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GP Week : Issue 149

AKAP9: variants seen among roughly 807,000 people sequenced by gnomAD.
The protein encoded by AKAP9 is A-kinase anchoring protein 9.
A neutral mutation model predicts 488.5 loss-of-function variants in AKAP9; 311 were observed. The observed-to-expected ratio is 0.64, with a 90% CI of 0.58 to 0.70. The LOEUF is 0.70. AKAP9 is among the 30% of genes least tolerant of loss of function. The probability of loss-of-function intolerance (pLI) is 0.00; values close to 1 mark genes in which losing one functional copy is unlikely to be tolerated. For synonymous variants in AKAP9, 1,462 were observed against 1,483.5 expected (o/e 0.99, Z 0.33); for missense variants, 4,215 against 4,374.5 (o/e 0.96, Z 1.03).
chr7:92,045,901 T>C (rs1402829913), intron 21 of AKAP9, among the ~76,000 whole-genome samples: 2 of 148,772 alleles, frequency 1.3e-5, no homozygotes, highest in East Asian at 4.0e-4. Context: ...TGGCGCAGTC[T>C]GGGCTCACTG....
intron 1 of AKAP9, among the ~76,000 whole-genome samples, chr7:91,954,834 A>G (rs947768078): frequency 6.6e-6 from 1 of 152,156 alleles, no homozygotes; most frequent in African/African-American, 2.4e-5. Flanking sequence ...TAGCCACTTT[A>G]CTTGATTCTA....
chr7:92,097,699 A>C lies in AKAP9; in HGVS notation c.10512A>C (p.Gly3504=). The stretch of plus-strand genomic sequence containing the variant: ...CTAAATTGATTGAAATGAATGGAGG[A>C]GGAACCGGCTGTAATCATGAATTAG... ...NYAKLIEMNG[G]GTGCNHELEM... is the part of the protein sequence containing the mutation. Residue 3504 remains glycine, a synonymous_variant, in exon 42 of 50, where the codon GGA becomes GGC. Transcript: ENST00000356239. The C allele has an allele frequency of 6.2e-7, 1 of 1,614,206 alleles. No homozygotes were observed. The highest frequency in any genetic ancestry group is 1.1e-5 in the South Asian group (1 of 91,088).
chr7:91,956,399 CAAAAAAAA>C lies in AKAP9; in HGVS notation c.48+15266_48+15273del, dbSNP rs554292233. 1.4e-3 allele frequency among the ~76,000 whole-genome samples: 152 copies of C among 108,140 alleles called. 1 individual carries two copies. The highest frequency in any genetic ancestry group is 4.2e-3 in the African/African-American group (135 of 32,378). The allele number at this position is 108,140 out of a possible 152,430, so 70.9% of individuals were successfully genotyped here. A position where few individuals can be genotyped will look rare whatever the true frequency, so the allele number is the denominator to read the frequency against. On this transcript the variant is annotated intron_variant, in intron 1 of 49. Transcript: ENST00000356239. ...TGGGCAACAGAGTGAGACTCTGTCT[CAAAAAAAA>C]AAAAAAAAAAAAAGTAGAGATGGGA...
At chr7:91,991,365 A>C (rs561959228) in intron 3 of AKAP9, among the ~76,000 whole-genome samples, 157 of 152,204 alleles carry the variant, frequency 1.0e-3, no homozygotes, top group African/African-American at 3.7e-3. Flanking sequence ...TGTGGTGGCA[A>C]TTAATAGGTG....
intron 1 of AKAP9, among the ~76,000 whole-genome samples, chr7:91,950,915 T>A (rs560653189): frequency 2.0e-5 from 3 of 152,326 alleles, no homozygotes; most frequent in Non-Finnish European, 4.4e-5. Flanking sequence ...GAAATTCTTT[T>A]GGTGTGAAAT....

32 GPWEEK.com // PARTNERS: Red Bull recorded their second podium-less race result in a row, the first time since the beginning of 2010, with Webber and Vettel finishing fourth and fifth. It was Webber’s third fourth place finish in a row and fifth in six races, after taking advantage of his three-stop strategy to climb from sixth in the final 12 laps. His first stop was on lap 6, but he was able to make his tyres last much longer thereafter and enjoyed a thrilling battle with Vettel on the penultimate lap to steal fourth. The German opted for a two-stop strategy which elevated him to second with just six laps to go, but he dropped quickly to fifth as his tyres gave up the ghost. Mercedes brought an end to their 57-year winning drought in Formula One on Sunday with Nico Rosberg’s faultless drive from pole position. The German was never threatened at the head of the field as he made two pitstops on a soft-medium- medium strategy. Concerns of excessive tyre wear proved unfounded and he took the flag more than 20 seconds clear. Hopes of a 1-2 finish lasted only 12 laps before team-mate Schumacher was forced to retire with an unfastened wheel nut. He had been running second at the time, but was released from his first pitstop before the mechanic had a chance to tighten the wheel nut. McLaren claimed their second double podium finish of the year after another strong weekend, but could well have challenged strongly for victory had circumstances prevailed. A five-place grid penalty for a gearbox change immediately put Hamilton on the back foot coming into the weekend, but his aggressive three-stop strategy coupled with no fewer than six overtaking manoeuvres in his final stint allowed him to climb to the podium for his third consecutive third place finish. Button meanwhile may have challenged Rosberg in the closing laps but for a slow final pitstop to put him back in the chasing pack. He eventually found his way through to take second place. Similarly-executed two-stop strategies for both drivers yielded vastly differing results for Lotus on Sunday, as Romain Grosjean recorded his first ever points finish in F1 but team- mate Raikkonen slipped from second to 14th in just four laps in the closing stages of the race. Starting fourth on the grid the Finn looked set to continue his points-scoring return to the sport, but an over-ambitious two-stop strategy failed to pay dividends as he was tasked with completing the second half of the race on a single set of tyres. While running second with 10 laps to go, he dropped through the field like a stone and ended 14th. Grosjean, with four laps fresher tyres, excelled to come home sixth having started tenth. There were no rain showers to mask Ferrari’s problems with its 2012 car in Shanghai on Sunday, as world championship leader Alonso slumped to a ninth place finish and team-mate Massa failed to score. Alonso three-stopped from ninth on the grid, but may well have finished higher had he not run wide at turn 7 on lap 43. It took him a further three laps to regain the place he lost, while also losing the chance to overtake Grosjean when the Frenchman made a similar error later on. Massa pitted only twice after two long opening stints on the medium tyre, before taking the flag four seconds outside the points. Force India just lacked the long run pace in China to continue their six-race points-scoring run, with Paul di Resta taking the flag four seconds adrift of tenth. He opted for a two-stop strategy but was always at the back of the main pack, not close enough to take advantage of any slip-ups. Team-mate Hulkenberg’s race was compromised when he picked up some front wing damage on the first lap, despite touching no-one, making for a difficult first stint. Despite show strong pace once he got a new wing at his first stop, he was too far adrift to challenge for points. Red Bull Mercedes McLaren Lotus Ferrari Force India TEAM-BY-TEAM: MALAYSIAN GRAND PRIX F1 >>> CHINA